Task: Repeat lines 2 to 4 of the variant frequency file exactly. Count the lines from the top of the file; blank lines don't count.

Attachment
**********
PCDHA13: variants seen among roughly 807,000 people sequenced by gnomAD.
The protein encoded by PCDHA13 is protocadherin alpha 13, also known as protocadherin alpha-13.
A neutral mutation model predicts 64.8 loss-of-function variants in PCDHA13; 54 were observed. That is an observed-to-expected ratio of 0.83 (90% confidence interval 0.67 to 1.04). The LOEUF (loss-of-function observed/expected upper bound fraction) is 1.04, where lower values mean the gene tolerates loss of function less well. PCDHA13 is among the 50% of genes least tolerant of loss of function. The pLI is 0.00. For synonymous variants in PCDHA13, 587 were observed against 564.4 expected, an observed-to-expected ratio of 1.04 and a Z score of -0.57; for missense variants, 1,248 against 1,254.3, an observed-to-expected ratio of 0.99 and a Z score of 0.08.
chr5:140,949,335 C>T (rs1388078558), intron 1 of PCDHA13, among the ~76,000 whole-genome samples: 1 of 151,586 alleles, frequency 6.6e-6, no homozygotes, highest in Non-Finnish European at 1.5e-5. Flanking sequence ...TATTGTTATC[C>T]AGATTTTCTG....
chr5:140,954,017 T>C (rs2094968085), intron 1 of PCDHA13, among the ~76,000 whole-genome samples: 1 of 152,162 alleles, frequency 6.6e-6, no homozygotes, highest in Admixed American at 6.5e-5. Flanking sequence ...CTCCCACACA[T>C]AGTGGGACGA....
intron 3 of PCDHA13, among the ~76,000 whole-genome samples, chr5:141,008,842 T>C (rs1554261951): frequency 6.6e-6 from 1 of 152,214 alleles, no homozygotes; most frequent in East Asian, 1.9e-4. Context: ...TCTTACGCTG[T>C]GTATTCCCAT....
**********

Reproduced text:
The protein encoded by PCDHA13 is protocadherin alpha 13, also known as protocadherin alpha-13.
A neutral mutation model predicts 64.8 loss-of-function variants in PCDHA13; 54 were observed. That is an observed-to-expected ratio of 0.83 (90% confidence interval 0.67 to 1.04). The LOEUF (loss-of-function observed/expected upper bound fraction) is 1.04, where lower values mean the gene tolerates loss of function less well. PCDHA13 is among the 50% of genes least tolerant of loss of function. The pLI is 0.00. For synonymous variants in PCDHA13, 587 were observed against 564.4 expected, an observed-to-expected ratio of 1.04 and a Z score of -0.57; for missense variants, 1,248 against 1,254.3, an observed-to-expected ratio of 0.99 and a Z score of 0.08.
chr5:140,949,335 C>T (rs1388078558), intron 1 of PCDHA13, among the ~76,000 whole-genome samples: 1 of 151,586 alleles, frequency 6.6e-6, no homozygotes, highest in Non-Finnish European at 1.5e-5. Flanking sequence ...TATTGTTATC[C>T]AGATTTTCTG....